Collaborative dialogue patterns in naturalistic one-to-one tutoring

Authors


Abstract

Naturalistic one-to-one tutoring is more effective than traditional classroom teaching methods, but there have been few attempts to examine the features of normal tutoring that might explain its advantage. This project explored dialogue patterns in two samples of naturalistic tutoring with normal unskilled tutors (as opposed to expert tutors): graduate students tutoring undergraduates in research methods and high school students tutoring 7th graders in algebra. We analysed the extent to which those tutoring protocols manifested components that have been emphasized in contemporary pedagogical theories and intelligent tutoring systems: active student learning, sophisticated pedagogical strategies, specific examples and cases, collaborative problem solving and question answering, deep explanatory reasoning, convergance toward shared meanings, feedback, error diagnosis and remediation, and affect. The most prominent components consisted of collaborative problem solving, question answering, and explanation in the context of specific examples. We identify frequent dialogue patterns that characterize these collaborative processes.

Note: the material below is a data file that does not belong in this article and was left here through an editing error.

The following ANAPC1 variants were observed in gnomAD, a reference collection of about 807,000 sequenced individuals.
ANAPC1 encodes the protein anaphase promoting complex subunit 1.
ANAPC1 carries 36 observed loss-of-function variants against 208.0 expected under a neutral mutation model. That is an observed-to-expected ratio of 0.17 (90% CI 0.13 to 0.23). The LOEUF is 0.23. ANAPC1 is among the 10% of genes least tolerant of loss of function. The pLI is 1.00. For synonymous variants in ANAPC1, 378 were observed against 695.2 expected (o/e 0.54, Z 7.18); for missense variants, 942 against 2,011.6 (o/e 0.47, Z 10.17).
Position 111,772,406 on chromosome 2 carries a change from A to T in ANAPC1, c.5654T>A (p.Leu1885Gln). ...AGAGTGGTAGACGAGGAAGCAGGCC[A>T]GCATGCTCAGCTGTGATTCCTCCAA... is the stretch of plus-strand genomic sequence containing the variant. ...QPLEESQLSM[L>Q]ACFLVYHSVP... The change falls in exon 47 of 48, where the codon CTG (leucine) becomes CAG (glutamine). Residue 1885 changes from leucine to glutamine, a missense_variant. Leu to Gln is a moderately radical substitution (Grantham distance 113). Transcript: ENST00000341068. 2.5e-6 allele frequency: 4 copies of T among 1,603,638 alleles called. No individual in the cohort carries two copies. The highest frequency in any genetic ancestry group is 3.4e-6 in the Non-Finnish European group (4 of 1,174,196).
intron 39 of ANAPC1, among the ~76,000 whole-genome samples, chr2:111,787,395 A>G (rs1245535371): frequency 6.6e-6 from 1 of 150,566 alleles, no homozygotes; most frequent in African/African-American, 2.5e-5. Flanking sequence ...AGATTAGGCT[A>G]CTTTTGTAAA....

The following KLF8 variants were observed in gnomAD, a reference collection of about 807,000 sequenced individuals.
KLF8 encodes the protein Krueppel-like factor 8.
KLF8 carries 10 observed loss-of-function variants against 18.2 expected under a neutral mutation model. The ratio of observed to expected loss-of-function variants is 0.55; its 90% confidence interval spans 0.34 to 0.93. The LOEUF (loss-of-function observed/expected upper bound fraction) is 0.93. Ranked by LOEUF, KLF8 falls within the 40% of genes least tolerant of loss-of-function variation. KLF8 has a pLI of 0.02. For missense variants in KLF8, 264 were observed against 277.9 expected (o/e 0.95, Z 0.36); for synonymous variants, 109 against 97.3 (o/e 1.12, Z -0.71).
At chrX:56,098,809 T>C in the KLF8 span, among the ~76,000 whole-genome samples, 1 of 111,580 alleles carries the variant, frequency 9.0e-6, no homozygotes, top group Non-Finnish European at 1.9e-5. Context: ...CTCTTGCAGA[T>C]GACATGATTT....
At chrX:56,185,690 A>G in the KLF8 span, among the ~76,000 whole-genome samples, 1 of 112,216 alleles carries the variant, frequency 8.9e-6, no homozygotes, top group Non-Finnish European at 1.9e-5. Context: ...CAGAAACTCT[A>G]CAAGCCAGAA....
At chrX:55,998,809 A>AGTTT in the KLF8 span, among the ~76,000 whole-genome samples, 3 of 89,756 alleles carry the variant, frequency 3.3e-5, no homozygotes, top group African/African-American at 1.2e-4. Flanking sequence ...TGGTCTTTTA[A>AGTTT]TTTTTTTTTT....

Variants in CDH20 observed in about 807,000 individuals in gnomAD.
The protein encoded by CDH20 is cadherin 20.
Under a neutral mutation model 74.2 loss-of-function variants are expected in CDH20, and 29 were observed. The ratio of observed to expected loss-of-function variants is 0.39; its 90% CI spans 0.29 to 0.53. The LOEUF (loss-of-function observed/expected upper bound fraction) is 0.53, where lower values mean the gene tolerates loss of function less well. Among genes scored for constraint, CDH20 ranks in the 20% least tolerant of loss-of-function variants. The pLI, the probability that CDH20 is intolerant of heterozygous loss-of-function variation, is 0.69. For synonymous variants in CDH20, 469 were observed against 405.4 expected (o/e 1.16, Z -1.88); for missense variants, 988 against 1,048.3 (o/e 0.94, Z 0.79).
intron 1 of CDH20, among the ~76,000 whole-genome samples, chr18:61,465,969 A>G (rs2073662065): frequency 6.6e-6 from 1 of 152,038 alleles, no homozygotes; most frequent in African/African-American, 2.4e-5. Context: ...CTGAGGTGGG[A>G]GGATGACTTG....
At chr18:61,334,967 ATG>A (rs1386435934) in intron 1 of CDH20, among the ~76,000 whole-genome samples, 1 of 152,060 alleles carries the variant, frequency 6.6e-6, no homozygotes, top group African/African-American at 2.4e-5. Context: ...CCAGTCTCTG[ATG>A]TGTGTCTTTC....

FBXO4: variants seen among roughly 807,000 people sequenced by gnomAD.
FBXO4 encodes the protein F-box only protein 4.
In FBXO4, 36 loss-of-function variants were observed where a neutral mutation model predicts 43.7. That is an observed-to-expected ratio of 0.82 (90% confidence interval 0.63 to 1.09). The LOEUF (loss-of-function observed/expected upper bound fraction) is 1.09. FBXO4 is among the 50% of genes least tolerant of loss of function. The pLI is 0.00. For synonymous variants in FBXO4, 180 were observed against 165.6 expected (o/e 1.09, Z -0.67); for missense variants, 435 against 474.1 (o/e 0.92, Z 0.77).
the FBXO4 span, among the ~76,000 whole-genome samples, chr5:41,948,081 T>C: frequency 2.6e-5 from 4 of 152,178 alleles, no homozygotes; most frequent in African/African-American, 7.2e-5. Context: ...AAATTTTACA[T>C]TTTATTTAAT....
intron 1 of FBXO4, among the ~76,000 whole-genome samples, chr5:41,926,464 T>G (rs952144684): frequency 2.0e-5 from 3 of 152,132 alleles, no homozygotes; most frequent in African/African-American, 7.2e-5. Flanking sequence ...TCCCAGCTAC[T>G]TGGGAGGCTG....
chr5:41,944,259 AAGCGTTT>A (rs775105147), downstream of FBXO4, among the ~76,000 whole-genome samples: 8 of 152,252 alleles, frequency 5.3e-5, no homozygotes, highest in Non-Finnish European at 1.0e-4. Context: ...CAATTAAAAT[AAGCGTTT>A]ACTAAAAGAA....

Ancillary